Saw this idea earlier today on the Ham Radio Go Kits group on Facebook. It’s called a “Tiger Tail” – something I’ve never heard of in my 26 years in ham radio. Turns out it’s actually a thing, and not a bad idea, in theory – you attach a quarter-wavelength piece of wire to the ground side of your antenna connector on your handy-talky and just let it hang down — making your vertical HT antenna a full dipole. I’m not certain exactly how much this would improve things if you were actually holding the radio–the fact that you are holding the radio, especially if it’s made of metal, actually makes your body part of the antenna system and probably throws it off anyway. God knows what happens to your antenna system if this thing is clipped to your belt. But if you had the radio sitting on a wooden table, it might really help.
Category Archives: Projects
While researching for my last post about the plasma arc audio speaker, it got me waxing nostalgic about the 555 Timer Integrated Circuit, one of the most versatile ICs ever designed. The Plasma Arc Audio Speaker I wrote about was one of the coolest things I have ever seen built around a 555, which is a favorite and classic chip that first hit the silicon scene in the 1970s. Read more
Living in North Texas. I have been seeing plenty of electrical arcs lately, due to the unprecedented storms we have been having through the month of May. A few of these arcs have been destructive — one of our sound system amps at our church started billowing out acrid smoke about the same time that we had a very close lightning strike, another local church took a direct hit a few weeks ago, and just the other day my friend Roger KE5YTA lost a radio power supply due to a very close strike. Another friend, Don AE5DW in Louisiana took a direct strike two weeks ago and basically lost everything electronic in his house.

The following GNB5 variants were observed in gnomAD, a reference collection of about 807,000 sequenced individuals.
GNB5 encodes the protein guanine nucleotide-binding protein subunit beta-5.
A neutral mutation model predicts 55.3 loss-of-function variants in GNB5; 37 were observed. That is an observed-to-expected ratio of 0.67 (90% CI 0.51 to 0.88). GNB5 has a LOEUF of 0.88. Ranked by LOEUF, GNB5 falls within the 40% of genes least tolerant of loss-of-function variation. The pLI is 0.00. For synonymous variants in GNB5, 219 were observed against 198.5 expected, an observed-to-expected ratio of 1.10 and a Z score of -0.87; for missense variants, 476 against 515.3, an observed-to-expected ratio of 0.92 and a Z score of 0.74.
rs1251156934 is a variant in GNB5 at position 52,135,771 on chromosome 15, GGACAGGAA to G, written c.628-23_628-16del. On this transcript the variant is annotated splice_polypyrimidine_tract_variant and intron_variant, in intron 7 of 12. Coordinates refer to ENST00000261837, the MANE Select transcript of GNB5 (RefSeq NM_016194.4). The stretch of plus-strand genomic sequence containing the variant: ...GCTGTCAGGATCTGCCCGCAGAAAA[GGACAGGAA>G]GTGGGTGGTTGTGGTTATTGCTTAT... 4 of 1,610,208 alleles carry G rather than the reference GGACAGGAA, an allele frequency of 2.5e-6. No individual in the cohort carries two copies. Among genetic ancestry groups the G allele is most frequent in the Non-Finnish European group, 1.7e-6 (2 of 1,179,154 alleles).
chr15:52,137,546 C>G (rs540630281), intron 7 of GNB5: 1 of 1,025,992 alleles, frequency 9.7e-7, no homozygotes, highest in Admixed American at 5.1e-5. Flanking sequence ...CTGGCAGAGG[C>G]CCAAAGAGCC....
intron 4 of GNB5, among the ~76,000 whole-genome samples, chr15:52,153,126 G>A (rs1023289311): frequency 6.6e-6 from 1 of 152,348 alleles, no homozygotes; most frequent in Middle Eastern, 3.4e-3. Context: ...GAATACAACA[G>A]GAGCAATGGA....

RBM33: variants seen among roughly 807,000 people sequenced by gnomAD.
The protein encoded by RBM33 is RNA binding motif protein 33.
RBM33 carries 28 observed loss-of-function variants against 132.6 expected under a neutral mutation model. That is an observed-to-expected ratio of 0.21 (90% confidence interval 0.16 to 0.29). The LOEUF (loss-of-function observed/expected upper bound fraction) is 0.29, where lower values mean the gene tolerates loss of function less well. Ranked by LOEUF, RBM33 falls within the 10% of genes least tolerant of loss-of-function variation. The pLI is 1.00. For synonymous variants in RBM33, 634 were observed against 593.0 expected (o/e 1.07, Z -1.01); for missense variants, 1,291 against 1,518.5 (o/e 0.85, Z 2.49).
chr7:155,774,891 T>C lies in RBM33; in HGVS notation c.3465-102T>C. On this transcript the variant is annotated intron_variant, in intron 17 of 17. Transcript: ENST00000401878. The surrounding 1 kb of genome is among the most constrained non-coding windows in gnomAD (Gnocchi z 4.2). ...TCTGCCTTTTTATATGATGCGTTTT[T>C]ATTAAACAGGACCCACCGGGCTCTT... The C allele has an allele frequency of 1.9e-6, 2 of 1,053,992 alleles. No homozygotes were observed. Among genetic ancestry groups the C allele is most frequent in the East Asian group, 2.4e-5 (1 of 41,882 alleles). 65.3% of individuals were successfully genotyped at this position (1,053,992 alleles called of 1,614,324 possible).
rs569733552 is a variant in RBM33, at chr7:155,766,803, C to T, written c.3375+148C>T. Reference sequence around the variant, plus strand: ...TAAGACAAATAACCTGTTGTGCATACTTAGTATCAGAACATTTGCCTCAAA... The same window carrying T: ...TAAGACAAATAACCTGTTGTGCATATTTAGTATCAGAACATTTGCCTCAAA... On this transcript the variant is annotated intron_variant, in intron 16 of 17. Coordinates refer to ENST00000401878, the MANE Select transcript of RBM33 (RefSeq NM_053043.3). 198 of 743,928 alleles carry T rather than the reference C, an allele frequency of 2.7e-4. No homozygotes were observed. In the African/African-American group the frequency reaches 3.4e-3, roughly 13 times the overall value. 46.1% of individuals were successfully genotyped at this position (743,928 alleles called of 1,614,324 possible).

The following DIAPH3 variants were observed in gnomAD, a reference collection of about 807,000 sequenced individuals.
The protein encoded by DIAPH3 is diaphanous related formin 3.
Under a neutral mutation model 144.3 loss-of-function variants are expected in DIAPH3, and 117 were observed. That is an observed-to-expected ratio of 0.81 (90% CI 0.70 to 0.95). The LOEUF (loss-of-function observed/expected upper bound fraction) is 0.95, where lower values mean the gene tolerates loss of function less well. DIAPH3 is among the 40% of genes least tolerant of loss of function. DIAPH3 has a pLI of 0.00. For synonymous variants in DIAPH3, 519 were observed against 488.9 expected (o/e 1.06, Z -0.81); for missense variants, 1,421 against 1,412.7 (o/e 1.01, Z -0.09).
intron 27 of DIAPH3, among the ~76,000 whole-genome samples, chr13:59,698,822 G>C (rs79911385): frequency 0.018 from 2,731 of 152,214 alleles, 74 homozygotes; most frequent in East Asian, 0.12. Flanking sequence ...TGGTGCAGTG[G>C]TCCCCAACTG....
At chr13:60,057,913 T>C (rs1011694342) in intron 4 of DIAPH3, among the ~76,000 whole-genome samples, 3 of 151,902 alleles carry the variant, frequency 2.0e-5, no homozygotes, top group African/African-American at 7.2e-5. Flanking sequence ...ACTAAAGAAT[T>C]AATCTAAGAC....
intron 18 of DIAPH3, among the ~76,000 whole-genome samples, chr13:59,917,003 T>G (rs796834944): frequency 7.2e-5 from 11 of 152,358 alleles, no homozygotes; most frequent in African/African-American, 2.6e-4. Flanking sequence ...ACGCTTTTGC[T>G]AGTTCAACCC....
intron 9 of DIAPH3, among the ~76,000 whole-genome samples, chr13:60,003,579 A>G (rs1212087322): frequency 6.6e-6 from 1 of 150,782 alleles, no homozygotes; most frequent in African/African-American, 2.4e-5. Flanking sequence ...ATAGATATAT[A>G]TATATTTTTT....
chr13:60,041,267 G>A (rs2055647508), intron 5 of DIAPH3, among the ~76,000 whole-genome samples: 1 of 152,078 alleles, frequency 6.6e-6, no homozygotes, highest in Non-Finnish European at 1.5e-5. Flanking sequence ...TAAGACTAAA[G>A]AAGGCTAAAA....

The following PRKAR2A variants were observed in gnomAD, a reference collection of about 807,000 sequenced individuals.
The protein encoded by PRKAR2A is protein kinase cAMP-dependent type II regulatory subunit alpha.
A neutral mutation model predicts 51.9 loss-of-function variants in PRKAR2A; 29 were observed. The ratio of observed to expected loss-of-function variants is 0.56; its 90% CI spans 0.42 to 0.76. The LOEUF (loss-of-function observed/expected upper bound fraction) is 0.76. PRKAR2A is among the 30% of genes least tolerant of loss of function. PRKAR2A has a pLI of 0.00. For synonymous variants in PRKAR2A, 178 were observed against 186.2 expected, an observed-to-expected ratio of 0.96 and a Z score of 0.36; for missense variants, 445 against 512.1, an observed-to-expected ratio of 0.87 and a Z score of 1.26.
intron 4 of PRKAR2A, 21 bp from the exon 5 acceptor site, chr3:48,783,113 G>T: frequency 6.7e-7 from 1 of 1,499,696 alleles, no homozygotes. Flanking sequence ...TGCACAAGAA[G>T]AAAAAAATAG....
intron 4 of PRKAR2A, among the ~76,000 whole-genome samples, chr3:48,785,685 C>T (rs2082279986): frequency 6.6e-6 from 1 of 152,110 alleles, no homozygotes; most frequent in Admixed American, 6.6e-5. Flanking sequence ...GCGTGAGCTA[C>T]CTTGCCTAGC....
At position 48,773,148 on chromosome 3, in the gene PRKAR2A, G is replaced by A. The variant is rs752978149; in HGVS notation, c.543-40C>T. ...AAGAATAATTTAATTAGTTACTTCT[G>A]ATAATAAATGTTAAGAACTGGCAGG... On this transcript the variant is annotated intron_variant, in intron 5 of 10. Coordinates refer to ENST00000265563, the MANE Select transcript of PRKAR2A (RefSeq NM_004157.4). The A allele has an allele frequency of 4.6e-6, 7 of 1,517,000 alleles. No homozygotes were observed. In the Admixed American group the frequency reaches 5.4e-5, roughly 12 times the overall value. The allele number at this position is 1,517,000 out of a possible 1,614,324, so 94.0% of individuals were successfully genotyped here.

Aside from the sights and smells that lightning and electrical arcs can create, they usually make a loud and obnoxious noise. That’s why I was impressed when I saw the DIY Plasma Speaker on Instructables today. Instructables member [tanner_tech] used a classic 555 Timer IC and a flyback transformer, high-voltage mosfet, and a fast diode from an old TV to make music. Literally, you plug in any sound source and it creates (surprisingly) high quality audio from about a one inch high voltage electrical arc. Visit the Instructable here and watch his YouTube video below — if you want to skip the technical stuff the music starts at about 3:10. Then you just might want to go back and watch the technical stuff.
Published from DFW, Texas
Another gem from Instructables here. This time it’s an FM Receiver with a custom LED Bargraph frequency display, brought to you by Instructables user Thorsten Singer. The bargraph is cool and all, although I would probably add digits to the display to make it more tunable. However, it’s a very well thought out project and nicely constructed, and it is something that you could use every day, so it gets points here. Even the hand drawn schematic is classy.
It’s based on a TEA5767 FM Radio Receiver module that Thorsten bought from BangGood.com, who currently lists the price of these modules at 5 pieces for $5.51 USD, which is on par with some of the current Ebay prices. The controller is an Atmega 328P chip with an Arduino bootloader (the Instructable has links to the source code as well). It appears to have four pushbutton presets, and a rotary encoder for manual tuning.
Other than adding a digital display (I’d even go with a four digit LED display in lieu of an LCD, just to add class and glow to the panel). I’d probably also add a dual LM386 amplifier circuit for the output. This thing is so cool I may actually build one!
There is a short YouTube video below that shows the operation of this receiver.
Published from DFW, Texas
So I was once again cruising Instructables and I found this excellent tutorial explaining the “Press’n’Peel” method. It has literally been forever since I have etched a custom PC board — it’s just too easy to use strip boards for those small projects (I’m a big fan of protoboards like the Adafruit Perma-Proto boards that have the same layout as a breadboard–it makes it really easy to transfer your prototype to a permanent project).